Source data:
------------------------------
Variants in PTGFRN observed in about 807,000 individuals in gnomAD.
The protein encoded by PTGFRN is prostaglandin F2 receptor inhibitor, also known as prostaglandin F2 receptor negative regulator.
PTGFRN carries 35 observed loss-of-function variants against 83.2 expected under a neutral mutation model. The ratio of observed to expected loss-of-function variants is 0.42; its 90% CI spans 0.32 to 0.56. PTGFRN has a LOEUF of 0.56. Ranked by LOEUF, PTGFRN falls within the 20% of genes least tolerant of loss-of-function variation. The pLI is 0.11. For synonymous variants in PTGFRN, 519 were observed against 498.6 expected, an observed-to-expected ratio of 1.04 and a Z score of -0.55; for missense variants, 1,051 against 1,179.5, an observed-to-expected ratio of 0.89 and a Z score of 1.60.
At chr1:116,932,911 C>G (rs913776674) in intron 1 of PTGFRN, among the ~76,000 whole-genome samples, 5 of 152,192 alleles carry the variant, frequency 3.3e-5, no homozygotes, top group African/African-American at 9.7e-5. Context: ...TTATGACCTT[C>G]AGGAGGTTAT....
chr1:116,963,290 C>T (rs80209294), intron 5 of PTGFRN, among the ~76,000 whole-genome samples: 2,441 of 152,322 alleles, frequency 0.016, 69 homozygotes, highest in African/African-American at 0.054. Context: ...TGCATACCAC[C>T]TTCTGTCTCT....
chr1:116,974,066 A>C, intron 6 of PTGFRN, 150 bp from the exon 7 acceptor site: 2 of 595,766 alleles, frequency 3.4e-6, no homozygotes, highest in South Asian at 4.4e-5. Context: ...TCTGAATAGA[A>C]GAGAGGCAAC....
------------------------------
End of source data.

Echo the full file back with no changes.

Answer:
Variants in PTGFRN observed in about 807,000 individuals in gnomAD.
The protein encoded by PTGFRN is prostaglandin F2 receptor inhibitor, also known as prostaglandin F2 receptor negative regulator.
PTGFRN carries 35 observed loss-of-function variants against 83.2 expected under a neutral mutation model. The ratio of observed to expected loss-of-function variants is 0.42; its 90% CI spans 0.32 to 0.56. PTGFRN has a LOEUF of 0.56. Ranked by LOEUF, PTGFRN falls within the 20% of genes least tolerant of loss-of-function variation. The pLI is 0.11. For synonymous variants in PTGFRN, 519 were observed against 498.6 expected, an observed-to-expected ratio of 1.04 and a Z score of -0.55; for missense variants, 1,051 against 1,179.5, an observed-to-expected ratio of 0.89 and a Z score of 1.60.
At chr1:116,932,911 C>G (rs913776674) in intron 1 of PTGFRN, among the ~76,000 whole-genome samples, 5 of 152,192 alleles carry the variant, frequency 3.3e-5, no homozygotes, top group African/African-American at 9.7e-5. Context: ...TTATGACCTT[C>G]AGGAGGTTAT....
chr1:116,963,290 C>T (rs80209294), intron 5 of PTGFRN, among the ~76,000 whole-genome samples: 2,441 of 152,322 alleles, frequency 0.016, 69 homozygotes, highest in African/African-American at 0.054. Context: ...TGCATACCAC[C>T]TTCTGTCTCT....
chr1:116,974,066 A>C, intron 6 of PTGFRN, 150 bp from the exon 7 acceptor site: 2 of 595,766 alleles, frequency 3.4e-6, no homozygotes, highest in South Asian at 4.4e-5. Context: ...TCTGAATAGA[A>C]GAGAGGCAAC....